Cost of living calculator Cost of living calculator

I wrote a little script to calculate the cost of living change from one year to another, based on the consumer price index.

Jumble Jumble

I wrote a little program to check if the letters in a word will match other dictionary words (a great tool for boggle, scrabble, or cranium). Here's a link to the tool:

Avoid placing your email address directly in your HTML file Avoiding putting your email address out on the web

To avoid spammers collecting your email address via search bots, I've put together a script that you can instead of a a "mailto" link. The email address is less obvious since it's parameters to the scrip, without the @. For example, I can put the following
<A HREF="/cgi-bin/,%20how's%20it%20hangin'?">mail me</A>
to create a link like this
mail me
Note that you can include spaces in the subject using "%20"

Windows XP CTRL/Caps-Lock swap Ctrl/Caps-Lock Swap for Windows XP

To swap the left CTRL key with the CAPS-LOCK key, use the registry editor (Regedit.exe) to modify the registry key for Scancode Map:

HKEY_LOCAL_MACHINE\SYSTEM\CurrentControlSet\Control\Keyboard Layout\Scancode Map
with the following value:
00000000 00000000 03000000 1D003A00 3A001D00 00000000

Here's the step-by-step instructions, taken from this Gnu Emacs page:

Open the registry editor and go to:
HKEY_LOCAL_MACHINE\System\CurrentControlSet\Control\KeyBoard Layout

(note:  KeyBoard Layout, not KeyBoard Layouts)

Then create a new binary value by right-clicking on the KeyBoard
Layout entry in the left window and selecting New\Binary Value

A new entry will appear in the right window called "New Value #1",
rename this to "Scancode Map" (no quotes).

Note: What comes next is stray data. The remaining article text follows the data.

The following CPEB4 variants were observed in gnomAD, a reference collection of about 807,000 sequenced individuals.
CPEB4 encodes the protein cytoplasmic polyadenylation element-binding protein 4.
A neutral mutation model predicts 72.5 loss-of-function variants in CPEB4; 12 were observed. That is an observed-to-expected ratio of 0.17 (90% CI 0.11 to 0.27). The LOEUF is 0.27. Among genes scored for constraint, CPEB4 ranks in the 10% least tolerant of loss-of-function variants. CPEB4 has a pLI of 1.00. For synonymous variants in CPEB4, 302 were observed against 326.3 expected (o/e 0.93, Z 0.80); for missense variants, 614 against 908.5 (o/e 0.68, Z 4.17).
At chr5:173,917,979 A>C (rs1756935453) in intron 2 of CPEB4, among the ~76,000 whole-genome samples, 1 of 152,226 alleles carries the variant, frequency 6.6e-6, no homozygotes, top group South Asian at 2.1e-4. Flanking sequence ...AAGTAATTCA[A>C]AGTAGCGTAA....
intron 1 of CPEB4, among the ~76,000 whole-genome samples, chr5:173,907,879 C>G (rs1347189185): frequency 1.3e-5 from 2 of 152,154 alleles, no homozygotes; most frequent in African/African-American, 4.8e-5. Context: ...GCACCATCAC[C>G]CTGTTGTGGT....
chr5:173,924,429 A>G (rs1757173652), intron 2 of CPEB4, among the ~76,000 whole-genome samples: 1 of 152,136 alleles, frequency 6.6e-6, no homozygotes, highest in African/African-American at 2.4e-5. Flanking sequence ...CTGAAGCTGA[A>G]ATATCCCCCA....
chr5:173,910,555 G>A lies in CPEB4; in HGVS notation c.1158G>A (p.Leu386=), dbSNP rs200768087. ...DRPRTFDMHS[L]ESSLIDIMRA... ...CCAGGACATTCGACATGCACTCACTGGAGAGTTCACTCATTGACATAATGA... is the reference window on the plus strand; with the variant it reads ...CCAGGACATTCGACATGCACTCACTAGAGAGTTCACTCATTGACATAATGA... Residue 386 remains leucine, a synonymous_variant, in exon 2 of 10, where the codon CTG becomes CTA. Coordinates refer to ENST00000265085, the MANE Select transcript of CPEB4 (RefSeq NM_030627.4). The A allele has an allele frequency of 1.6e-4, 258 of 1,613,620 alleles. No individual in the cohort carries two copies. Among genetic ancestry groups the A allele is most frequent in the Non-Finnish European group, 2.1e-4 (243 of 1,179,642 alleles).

Right click on the new entry you just created, select the Modify
entry and you'll see a window with a Value name field and a large
textarea (named Value data:) with the value 0000 in it.

Click on the 0000 and a text prompt will appear in the text area.
Then type the following values in this area:

00 00 00 00 00 00 00 00 

At this point, a new row will be created with the label

Now type these values:

03 00 00 00 1d 00 3a 00 

and a new row will appear with the label

type these values into this row

3a 00 1d 00 00 00 00 00

A new row will appear with the label 0018...ignore it.

Now review the text area and ensure it looks like this:

0000  00 00 00 00 00 00 00 00
0008  03 00 00 00 1d 00 3a 00
0010  3a 00 1d 00 00 00 00 00  

Press the ok key, and VOILA! you have modified the scancode for your
system. Close the registry and reboot your machine, and your CapsLock
and Ctrl key should now be swapped.


Chris McMahan
[email protected]

Once the map is stored in the registry, the system must be rebooted for the mappings to take effect.

Note, you are adding a registry entry for "Scancode Map" that did not previously exist!

To remove the mappings, the following registry value must be deleted and then the system must be rebooted:

HKEY_LOCAL_MACHINE\ SYSTEM\CurrentControlSet\Control\Keyboard Layout\Scancode Map

Repeated Scancode Map entries causes it to swap back, or not swap at all (can't tell which is happening)

I've found that if you repeat this procedure for more than one NT user, you might get the Scancode Map entry more than once (the registry copies Control to Control1, or something like this). To correct this problem, search for "Scancode" and remove the ones that don't belong to the entry listed above.

See also Emacs documentation (more likely to evolve on the subject).
See for the original information about Scancode Map at Microsoft.
NEWMicrosoft has a tool for keyboard remapping at the kernel level. See
Fix the host name appearing in mail headers to reflect the mail virtual host (i.e. Fixing outgoing mail host name

It took hours to dig up the one tid-bit required to have sendmail use the virual host name "mail" instead of the default host name.
In, add the following:

define(`confDOMAIN_NAME', `$w.$m')dnl
then regenerate (% m4 /etc/mail/ > /etc/, and restart sendmail (% /etc/init.d/sendmail restart).
See for the closest details I could find.